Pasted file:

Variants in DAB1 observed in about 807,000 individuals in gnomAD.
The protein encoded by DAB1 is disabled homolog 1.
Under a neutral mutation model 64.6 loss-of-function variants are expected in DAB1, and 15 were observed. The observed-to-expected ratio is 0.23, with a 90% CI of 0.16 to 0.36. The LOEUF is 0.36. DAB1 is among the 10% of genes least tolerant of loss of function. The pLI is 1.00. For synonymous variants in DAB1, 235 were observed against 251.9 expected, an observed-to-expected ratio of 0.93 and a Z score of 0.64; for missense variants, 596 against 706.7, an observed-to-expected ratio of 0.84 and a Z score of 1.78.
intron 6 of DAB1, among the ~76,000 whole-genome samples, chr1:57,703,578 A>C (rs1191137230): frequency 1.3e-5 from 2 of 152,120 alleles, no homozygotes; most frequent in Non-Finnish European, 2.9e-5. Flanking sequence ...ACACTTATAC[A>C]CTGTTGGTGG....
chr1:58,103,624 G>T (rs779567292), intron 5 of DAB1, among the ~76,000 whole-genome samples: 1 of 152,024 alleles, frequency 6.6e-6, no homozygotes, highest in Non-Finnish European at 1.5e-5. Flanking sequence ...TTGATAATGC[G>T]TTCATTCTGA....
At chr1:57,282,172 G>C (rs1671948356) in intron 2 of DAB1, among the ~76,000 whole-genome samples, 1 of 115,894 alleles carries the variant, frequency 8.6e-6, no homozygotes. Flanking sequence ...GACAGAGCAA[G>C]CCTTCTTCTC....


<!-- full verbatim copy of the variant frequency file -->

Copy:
Variants in DAB1 observed in about 807,000 individuals in gnomAD.
The protein encoded by DAB1 is disabled homolog 1.
Under a neutral mutation model 64.6 loss-of-function variants are expected in DAB1, and 15 were observed. The observed-to-expected ratio is 0.23, with a 90% CI of 0.16 to 0.36. The LOEUF is 0.36. DAB1 is among the 10% of genes least tolerant of loss of function. The pLI is 1.00. For synonymous variants in DAB1, 235 were observed against 251.9 expected, an observed-to-expected ratio of 0.93 and a Z score of 0.64; for missense variants, 596 against 706.7, an observed-to-expected ratio of 0.84 and a Z score of 1.78.
intron 6 of DAB1, among the ~76,000 whole-genome samples, chr1:57,703,578 A>C (rs1191137230): frequency 1.3e-5 from 2 of 152,120 alleles, no homozygotes; most frequent in Non-Finnish European, 2.9e-5. Flanking sequence ...ACACTTATAC[A>C]CTGTTGGTGG....
chr1:58,103,624 G>T (rs779567292), intron 5 of DAB1, among the ~76,000 whole-genome samples: 1 of 152,024 alleles, frequency 6.6e-6, no homozygotes, highest in Non-Finnish European at 1.5e-5. Flanking sequence ...TTGATAATGC[G>T]TTCATTCTGA....
At chr1:57,282,172 G>C (rs1671948356) in intron 2 of DAB1, among the ~76,000 whole-genome samples, 1 of 115,894 alleles carries the variant, frequency 8.6e-6, no homozygotes. Flanking sequence ...GACAGAGCAA[G>C]CCTTCTTCTC....